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Letter from Ed: Pallet Industry Remains Dynamic – Excitement Comes Center Stage
The recent NWPCA annual meeting was abuzz with anticipation concerning issues of interest to our industry. Dr. Brindley shared a historic pallet meeting comparison with the now famous Memphis meeting in the 1990s.
By Edward C. Brindley
Date Posted: 4/1/2011
I recently returned from the NWPCA’s Annual Leadership Conference. Very few people in the industry match me with as many years of experience attending pallet industry functions. Getting older does have some benefits when it comes to industry perspectives.
Change comes fast and furious these days. The level of excitement was significant at this year’s meeting. The Pallet Industry Management System (PIMS) was definitely on the minds of many attendees. It made me think of the now famous Memphis meeting in the 1990s where excitement ran so deep that I saw people standing on tables and shouting out about the dangers facing our industry.
What dangers? CHEP! This happened in the early days of CHEP, and people were more than concerned about what CHEP might mean to our industry down the road. We have now traveled much of that road. Excitement and concern over pallet rental and its impact on the GMA market are again center stage. We need to be aware of what is happening around us and how it can influence our industry.
Chaille Brindley, the publisher of the Pallet Enterprise, recently wrote a series about the state-of-the-industry entitled “Welcome to the Future” in the Pallet Profile Weekly. I reference readers to this important report for more details about the issues covered here. Any reader who is not receiving the Pallet Profile Weekly can call us at 804/550-0323 for subscription details. This report is the only weekly source of news and analysis in the pallet industry. It is a must read in my opinion.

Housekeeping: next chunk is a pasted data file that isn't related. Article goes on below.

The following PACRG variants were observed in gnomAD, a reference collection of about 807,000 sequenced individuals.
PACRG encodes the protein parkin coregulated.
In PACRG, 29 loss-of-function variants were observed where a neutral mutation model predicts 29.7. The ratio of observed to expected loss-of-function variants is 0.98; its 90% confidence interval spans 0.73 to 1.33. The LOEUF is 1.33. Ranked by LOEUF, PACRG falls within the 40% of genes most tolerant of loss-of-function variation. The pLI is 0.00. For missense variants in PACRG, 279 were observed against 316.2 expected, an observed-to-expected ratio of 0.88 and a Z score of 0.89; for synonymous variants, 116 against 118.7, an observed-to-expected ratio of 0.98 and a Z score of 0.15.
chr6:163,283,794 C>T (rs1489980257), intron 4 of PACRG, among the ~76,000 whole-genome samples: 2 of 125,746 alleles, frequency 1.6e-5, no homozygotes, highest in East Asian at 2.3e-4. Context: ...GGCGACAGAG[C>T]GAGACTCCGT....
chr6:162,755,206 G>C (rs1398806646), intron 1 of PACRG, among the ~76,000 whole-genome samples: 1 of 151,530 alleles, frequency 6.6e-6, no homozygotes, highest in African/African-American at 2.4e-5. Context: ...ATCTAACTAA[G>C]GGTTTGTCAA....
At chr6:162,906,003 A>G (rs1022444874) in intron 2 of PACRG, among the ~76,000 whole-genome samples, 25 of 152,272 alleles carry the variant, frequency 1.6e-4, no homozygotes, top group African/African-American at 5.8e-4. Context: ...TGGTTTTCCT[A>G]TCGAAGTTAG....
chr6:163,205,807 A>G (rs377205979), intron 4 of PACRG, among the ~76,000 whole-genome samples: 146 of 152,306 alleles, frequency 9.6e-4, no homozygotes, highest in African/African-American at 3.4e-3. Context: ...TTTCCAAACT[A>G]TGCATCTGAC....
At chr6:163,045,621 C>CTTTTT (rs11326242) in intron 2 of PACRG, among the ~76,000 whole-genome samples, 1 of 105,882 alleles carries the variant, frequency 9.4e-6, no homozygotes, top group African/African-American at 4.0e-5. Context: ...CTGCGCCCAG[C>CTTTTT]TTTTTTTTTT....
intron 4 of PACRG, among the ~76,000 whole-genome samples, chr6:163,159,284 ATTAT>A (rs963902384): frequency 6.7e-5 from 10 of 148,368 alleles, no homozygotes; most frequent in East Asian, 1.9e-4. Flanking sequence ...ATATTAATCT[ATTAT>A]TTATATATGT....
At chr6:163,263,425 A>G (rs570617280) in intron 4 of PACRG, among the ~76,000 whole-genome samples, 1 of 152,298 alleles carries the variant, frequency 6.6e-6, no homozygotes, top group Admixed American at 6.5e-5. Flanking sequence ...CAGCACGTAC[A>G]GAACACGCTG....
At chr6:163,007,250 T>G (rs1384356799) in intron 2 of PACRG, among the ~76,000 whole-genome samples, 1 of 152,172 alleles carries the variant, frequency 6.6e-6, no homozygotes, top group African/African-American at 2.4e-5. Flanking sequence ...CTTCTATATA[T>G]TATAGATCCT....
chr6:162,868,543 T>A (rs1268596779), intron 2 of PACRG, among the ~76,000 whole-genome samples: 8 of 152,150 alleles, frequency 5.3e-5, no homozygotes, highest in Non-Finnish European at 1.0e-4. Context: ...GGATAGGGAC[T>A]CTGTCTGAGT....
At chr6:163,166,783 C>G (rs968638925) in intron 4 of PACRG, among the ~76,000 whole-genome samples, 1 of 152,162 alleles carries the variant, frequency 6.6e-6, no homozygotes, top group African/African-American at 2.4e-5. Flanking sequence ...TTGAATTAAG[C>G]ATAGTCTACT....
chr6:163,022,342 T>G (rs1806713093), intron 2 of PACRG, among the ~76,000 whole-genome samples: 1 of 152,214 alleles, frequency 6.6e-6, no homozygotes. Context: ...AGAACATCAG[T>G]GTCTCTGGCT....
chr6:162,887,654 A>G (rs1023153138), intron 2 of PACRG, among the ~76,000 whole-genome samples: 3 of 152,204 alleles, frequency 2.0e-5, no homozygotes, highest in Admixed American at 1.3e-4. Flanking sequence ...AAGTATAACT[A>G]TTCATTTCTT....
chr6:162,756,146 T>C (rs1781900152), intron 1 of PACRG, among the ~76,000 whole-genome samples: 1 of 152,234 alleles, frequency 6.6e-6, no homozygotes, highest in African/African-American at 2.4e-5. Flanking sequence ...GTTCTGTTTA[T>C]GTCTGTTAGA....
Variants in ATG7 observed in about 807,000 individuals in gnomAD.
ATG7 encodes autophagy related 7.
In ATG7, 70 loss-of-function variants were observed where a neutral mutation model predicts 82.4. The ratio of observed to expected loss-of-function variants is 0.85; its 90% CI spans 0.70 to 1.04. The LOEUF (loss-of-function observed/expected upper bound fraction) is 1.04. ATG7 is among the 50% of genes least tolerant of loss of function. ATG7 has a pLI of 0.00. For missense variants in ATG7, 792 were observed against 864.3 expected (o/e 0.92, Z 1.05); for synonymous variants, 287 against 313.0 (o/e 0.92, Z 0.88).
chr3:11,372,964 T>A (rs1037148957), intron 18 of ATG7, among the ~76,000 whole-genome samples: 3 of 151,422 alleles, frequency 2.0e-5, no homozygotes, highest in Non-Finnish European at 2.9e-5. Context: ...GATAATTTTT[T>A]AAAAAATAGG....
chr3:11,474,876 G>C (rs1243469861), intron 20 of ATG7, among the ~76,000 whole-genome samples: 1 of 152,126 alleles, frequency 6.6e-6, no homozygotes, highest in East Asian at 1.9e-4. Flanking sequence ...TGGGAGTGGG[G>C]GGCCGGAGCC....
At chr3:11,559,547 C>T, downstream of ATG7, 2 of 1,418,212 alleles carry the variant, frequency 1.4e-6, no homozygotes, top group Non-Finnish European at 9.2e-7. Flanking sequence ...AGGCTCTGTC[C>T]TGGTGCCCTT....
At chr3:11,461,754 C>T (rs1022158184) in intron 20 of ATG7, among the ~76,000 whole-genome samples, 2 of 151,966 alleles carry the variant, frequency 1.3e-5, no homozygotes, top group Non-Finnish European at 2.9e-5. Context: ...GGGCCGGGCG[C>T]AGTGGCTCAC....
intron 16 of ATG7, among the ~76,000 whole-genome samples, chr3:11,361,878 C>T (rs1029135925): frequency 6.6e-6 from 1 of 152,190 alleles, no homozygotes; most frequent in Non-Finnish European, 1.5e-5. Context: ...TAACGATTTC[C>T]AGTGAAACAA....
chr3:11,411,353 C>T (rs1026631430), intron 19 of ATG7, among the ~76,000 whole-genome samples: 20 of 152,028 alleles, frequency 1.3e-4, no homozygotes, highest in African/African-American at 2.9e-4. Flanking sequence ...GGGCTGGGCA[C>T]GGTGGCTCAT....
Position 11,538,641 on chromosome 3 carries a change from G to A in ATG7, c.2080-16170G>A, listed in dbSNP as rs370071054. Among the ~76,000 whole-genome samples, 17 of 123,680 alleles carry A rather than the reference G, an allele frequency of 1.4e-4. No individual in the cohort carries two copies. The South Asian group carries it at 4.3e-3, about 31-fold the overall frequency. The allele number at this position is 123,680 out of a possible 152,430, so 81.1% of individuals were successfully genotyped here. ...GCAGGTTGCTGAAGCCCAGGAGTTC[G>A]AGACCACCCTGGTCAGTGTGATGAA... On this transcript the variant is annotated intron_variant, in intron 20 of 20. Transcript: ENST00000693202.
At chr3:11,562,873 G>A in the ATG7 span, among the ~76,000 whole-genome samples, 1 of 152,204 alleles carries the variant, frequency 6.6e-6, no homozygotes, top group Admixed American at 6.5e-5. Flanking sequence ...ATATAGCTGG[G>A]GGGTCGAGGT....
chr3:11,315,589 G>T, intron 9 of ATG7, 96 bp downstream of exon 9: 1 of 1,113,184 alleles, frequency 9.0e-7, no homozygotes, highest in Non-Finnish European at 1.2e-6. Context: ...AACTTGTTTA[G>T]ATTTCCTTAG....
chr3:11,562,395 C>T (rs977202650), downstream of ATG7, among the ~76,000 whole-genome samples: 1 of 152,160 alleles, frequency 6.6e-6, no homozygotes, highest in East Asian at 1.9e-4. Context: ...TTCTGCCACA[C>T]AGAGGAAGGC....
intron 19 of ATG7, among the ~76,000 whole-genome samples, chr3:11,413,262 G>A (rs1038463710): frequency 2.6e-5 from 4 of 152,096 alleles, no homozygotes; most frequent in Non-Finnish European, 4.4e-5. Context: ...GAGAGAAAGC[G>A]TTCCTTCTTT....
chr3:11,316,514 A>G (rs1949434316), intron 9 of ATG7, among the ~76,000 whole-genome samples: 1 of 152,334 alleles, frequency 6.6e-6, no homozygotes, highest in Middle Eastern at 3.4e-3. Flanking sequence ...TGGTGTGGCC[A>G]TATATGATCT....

Chaille wrote, “One definite change is the attitude of pallet companies that seem tired of talking about problems and want to truly answer them. Although the industry somewhat remains at a crossroads, the time for action has come. If the industry doesn’t mobilize soon to tackle key concerns, it may be too late to mount a response. This includes building an industry cooperative pool to challenge pallet rental companies, finding workable solutions to mold concerns, developing better collaboration with other pallet companies to serve large clients, pioneering new ways to become more indispensable to customers, and charting the path toward greater efficiencies as cost pressures mount.”
After all these years since the “historic” Memphis meeting, attention returns to the influence of pallet rental, this time as it relates to developing a new industry cooperative pool, such as PIMS. The new Costco block pallet program is driving more manufacturers toward pallet rental; PECO and its red pallet seems to be a winner in this arena.
iGPS and its plastic pallet have been center stage lately when it comes to public health and the environment. In addition, the plastic leader has had its own share of business challenges. Rumors abound of a shakeup in the company’s upper management which just compounds its many business problems.
PECO has been the winner of late. In addition to attracting new business at Costco, it is launching operations in Mexico, and it was just bought out by a venture capital firm which has the funds to engineer PECO’s hope for aggressive growth.
Conversations at this year’s NWPCA meeting often centered around PIMS and its potential. Will it become a viable alternative for our industry? Many people attended the sessions where this was discussed. Many considered the possibility of supporting the PIMS effort financially, and quite a few did agree to a support of at least $200 a month for the next year.